Jacqui Murray said...

@Rhodesia Thank you! I hope it lives up to your expectations.

Pam Lazos said...

Jacqui is like a force of nature. So prolific!

Jacqui Murray said...

@Pam Aren't you nice!

Sandra Cox said...

The memory piece of it would be my challenge:)

Jacqui Murray said...

@Sandra--Not for you!

J.Q. Rose said...

So many light bulb moments about my ancestors in this post. Evolving. Now I am imagining what future traits and abilities humans will possess. So interesting.

Sandra Cox said...

Lucy was smart and compassionate. I loved her character and that of the rest of the clan.

Jacqui Murray said...

@Sandra I love that you pointed those out about her, Sandra. I have such respect for our primeval species.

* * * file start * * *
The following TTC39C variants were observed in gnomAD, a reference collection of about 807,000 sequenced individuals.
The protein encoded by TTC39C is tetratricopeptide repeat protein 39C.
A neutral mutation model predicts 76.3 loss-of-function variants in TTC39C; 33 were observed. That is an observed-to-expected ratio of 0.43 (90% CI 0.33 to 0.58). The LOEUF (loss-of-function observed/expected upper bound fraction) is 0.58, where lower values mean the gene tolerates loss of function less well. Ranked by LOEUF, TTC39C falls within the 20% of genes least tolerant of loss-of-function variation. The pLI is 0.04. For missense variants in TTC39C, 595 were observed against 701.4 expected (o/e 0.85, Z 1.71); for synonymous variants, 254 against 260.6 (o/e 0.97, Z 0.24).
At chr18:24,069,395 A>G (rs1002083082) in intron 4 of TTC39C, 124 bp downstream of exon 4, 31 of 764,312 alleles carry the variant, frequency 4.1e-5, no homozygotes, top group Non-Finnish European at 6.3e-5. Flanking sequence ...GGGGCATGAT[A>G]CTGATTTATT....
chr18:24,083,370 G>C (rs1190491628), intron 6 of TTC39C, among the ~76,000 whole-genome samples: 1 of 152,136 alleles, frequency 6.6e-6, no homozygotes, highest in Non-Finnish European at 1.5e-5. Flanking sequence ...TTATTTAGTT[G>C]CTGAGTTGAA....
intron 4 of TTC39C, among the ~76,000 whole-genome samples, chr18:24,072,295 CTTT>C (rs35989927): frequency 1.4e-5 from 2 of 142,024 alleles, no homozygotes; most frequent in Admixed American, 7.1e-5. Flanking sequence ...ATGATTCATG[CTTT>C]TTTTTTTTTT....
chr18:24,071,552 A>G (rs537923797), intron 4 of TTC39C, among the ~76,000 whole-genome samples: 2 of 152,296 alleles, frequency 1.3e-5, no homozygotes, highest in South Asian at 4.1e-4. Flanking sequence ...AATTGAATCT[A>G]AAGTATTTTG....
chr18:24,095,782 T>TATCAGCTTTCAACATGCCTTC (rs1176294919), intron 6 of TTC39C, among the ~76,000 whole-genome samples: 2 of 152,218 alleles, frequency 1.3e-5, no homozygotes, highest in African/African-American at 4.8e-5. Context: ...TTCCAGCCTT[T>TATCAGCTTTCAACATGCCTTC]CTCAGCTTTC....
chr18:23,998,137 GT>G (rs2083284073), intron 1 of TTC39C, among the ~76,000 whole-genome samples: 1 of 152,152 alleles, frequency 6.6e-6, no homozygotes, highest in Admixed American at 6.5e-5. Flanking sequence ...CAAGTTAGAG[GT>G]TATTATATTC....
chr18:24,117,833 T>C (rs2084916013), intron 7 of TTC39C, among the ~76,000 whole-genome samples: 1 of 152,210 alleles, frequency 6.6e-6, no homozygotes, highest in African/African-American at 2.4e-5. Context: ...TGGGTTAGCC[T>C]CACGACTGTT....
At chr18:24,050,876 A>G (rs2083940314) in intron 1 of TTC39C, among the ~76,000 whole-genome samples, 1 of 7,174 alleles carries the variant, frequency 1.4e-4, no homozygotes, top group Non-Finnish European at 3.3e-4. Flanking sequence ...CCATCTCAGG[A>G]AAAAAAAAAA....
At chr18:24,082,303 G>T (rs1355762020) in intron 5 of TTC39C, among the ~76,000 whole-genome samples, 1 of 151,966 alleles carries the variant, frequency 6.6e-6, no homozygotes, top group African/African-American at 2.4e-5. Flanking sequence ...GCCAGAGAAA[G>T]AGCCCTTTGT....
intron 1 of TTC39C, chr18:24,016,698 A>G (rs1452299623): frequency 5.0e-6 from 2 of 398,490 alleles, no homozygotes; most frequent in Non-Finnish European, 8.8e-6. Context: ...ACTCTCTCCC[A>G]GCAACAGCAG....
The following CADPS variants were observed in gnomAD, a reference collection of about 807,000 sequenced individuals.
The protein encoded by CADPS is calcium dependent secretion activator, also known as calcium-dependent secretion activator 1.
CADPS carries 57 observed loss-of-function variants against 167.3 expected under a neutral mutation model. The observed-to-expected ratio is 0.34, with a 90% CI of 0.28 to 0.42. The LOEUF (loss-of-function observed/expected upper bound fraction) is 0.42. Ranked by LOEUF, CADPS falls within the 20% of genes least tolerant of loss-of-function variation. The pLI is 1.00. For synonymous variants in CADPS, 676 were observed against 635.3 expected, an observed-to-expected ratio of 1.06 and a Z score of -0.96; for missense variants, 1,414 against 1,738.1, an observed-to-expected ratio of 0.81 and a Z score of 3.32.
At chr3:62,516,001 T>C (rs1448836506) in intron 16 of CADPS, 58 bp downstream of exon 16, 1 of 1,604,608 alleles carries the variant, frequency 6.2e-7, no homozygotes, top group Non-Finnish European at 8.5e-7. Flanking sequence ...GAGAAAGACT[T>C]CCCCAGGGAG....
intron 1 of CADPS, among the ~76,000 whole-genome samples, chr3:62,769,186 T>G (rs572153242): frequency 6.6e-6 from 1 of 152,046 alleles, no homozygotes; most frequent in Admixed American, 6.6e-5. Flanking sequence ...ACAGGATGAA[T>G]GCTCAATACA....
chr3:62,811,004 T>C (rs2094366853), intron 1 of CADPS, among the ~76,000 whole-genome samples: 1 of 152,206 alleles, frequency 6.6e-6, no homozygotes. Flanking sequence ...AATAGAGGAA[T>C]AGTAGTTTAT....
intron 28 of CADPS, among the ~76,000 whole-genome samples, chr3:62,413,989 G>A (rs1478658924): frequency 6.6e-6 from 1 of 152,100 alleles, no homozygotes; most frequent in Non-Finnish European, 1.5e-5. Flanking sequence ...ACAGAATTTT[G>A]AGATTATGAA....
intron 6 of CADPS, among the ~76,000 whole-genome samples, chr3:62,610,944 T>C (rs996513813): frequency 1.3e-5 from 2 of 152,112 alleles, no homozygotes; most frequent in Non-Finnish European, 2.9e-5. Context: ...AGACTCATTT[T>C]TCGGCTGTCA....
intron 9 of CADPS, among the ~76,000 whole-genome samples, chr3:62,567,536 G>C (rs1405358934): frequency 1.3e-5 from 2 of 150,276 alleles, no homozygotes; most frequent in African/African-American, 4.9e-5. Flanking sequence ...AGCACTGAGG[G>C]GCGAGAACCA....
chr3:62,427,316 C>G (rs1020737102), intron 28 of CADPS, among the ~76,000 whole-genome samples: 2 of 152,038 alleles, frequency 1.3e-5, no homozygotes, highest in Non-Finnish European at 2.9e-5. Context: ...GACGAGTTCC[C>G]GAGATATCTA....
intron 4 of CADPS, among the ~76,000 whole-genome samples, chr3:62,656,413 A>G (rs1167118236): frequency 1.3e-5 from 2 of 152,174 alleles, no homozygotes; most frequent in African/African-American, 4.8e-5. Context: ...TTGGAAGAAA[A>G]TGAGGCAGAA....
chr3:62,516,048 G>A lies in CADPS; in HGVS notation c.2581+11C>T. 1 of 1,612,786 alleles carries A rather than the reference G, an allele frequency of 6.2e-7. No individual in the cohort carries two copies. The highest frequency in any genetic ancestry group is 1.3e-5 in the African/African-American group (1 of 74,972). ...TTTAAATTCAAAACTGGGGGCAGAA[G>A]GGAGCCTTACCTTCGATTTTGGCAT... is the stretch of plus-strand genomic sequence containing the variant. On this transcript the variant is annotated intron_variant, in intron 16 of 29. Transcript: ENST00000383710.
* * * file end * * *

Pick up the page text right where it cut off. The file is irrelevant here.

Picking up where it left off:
Tyrean Martinson said...

Congratulations to Jacqui!
And that picture of the hippocampus next to the seahorse is wild.

Jacqui Murray said...

@Tyrean Thank you! No surprise Hilary really brought this story to life.

Hilary Melton-Butcher said...

@ Diane - I enjoy the learning and appreciate bloggers' support - so thank you ...

@ Pam - great to see you and yes Jacqui is a force of nature: appropriate title for her ...

@ Sandra - always great to see you ... while encouraging others to read Jacqui's book - via your pertinent comments ...

@ JQ - lovely to see you here - that's interesting this post takes you back to your ancestors ... we get drawn in, don't we ... I do wonder what a 'human' will be like in 50, 100 or 200 years ahead - difficult to imagine ... but I do hope we get to look once we've gone??!!

@ Tyrean - I agree Jacqui is to be congratulated - great that you appreciate the hippocampus next to the seahorse ... an interesting combination ...

@ Jacqui - thanks for being here and answering everyone's comments - you're always so professional in your approach ...